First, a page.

Applying for disability benefits after an accident can be a frustrating experience for those whose requests are denied. There is a possible silver lining, however — if your disability claim gets denied, you can appeal the decision and perhaps see the decision reversed.
Understanding the process for appealing your claim denial can help you determine how best to proceed. Denials include documentation detailing the reason the claim wasn’t approved. When appealing your denial, familiarize yourself with all the factors listed in the denial. If possible, appeals should address each factor that’s listed. Appeals must include evidence that those contributing factors deserve to be reconsidered in your favor.
The most common reason that claims are wholly or partially denied is lack of sufficient evidence to justify benefits. It is, in many ways, the real-world equivalent of taken a math or science exam in school and being penalized for not showing your work.
To increase your chances of having the decision reversed, you want to “show your work” as much as is possible. This might mean that you have the relevant doctor write an opinion you can submit to the insurer, or you might collect testimonials from colleagues about how your disability has affected your performance. You might also want to pursue additional medical testing to bolster your evidence.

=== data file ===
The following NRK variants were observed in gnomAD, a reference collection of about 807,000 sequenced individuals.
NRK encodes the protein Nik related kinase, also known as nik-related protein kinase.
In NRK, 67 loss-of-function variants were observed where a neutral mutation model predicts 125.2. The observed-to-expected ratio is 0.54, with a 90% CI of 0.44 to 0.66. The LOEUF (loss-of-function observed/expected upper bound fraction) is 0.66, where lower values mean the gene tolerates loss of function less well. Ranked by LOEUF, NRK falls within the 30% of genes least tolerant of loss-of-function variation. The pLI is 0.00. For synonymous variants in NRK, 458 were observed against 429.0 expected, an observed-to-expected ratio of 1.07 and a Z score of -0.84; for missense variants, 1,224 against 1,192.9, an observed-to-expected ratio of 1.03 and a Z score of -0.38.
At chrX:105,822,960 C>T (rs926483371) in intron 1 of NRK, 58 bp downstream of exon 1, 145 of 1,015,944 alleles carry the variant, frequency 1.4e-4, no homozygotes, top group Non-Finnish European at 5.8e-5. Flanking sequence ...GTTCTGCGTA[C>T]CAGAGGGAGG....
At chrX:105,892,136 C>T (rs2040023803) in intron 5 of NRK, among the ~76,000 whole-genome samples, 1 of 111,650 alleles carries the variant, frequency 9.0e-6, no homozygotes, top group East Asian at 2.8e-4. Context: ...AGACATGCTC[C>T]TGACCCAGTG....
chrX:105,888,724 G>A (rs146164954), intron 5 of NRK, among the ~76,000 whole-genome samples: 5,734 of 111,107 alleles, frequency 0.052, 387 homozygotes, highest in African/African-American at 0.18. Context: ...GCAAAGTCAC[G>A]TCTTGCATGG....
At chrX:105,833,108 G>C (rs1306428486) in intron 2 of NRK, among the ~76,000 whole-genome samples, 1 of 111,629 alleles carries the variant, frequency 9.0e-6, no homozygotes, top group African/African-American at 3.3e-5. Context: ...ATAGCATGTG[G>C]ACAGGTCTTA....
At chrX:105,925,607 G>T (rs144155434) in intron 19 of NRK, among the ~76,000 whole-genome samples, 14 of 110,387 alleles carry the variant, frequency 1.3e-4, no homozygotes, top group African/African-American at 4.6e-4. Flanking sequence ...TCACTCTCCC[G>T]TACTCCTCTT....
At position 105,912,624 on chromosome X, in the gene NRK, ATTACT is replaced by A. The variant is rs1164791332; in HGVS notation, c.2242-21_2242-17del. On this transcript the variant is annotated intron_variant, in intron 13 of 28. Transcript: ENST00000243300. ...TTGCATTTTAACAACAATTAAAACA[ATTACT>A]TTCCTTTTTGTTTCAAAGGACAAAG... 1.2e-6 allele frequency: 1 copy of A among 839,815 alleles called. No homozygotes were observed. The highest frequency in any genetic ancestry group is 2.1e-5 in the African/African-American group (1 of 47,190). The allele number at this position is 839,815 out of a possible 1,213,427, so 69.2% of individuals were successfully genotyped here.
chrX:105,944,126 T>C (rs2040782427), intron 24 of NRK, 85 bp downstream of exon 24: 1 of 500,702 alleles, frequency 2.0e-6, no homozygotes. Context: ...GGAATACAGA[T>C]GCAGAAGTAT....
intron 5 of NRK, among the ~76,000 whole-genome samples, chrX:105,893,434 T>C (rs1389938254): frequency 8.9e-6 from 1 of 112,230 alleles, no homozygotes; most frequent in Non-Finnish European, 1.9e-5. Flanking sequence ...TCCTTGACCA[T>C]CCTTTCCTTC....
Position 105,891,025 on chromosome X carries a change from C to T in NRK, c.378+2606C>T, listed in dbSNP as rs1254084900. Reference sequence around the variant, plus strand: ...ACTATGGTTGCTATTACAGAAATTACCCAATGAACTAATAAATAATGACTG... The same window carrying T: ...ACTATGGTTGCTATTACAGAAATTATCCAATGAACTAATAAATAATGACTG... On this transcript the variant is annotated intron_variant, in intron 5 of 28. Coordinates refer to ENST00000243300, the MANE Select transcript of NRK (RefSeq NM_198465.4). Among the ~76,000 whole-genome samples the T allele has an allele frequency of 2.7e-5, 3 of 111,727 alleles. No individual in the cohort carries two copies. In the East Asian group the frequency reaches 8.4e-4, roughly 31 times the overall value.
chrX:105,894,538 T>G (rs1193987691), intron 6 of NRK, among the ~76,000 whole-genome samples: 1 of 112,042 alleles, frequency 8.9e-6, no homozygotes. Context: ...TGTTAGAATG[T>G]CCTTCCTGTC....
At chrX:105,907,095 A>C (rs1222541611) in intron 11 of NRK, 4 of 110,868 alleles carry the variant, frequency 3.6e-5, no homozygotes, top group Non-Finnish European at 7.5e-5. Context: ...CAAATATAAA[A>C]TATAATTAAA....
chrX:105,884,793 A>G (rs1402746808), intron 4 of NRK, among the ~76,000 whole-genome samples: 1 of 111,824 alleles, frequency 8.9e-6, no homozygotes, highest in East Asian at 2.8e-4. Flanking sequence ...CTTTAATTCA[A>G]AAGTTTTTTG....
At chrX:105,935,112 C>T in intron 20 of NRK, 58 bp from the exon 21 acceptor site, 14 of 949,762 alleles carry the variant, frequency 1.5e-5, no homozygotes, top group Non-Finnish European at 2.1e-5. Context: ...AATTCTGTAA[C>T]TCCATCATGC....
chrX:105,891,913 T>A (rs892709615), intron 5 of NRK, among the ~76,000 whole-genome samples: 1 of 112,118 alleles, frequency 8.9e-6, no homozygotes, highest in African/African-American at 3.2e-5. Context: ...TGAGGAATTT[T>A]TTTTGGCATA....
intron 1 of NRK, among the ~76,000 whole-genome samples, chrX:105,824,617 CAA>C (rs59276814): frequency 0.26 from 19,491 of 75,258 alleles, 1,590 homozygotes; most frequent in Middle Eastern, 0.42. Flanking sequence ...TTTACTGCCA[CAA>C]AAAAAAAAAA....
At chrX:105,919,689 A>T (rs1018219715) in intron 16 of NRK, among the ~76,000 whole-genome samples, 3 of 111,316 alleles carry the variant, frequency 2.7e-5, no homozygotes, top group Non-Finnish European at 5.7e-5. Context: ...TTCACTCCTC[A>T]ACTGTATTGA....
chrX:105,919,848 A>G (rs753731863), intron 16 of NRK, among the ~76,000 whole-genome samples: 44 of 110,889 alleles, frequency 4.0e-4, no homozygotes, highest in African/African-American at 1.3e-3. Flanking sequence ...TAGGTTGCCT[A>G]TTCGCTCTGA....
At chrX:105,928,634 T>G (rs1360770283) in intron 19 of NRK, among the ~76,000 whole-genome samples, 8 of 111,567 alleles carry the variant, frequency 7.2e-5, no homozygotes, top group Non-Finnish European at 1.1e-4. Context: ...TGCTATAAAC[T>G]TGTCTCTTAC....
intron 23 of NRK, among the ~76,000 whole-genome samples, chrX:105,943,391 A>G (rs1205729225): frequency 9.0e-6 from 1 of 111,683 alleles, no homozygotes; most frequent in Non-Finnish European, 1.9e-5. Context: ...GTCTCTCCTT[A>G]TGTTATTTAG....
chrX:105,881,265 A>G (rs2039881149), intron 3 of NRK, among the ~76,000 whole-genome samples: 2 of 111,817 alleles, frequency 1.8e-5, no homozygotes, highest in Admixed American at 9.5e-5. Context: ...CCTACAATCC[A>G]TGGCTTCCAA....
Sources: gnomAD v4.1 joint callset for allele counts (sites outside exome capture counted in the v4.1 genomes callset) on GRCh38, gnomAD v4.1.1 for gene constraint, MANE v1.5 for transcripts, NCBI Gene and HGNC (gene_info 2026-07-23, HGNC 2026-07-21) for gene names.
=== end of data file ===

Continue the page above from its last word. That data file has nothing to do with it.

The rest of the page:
Regardless of the additional evidence of disability that you submit for consideration, you should confirm that the appropriate party received it. In the event that your case must be litigated, you must prove that the insurer had all the relevant evidence that you submitted to them.
Sometimes the fight for justice is a long one. In many cases, being truly treated fairly requires having someone fighting on your behalf. With the representation of an experienced attorney, you can pursue fair treatment confidently, knowing that the full weight of the law is going to bat for you and protecting your rights.
Source: Findlaw, “How to Appeal a Disability Insurance Claim Denial,” accessed Jan. 17, 2017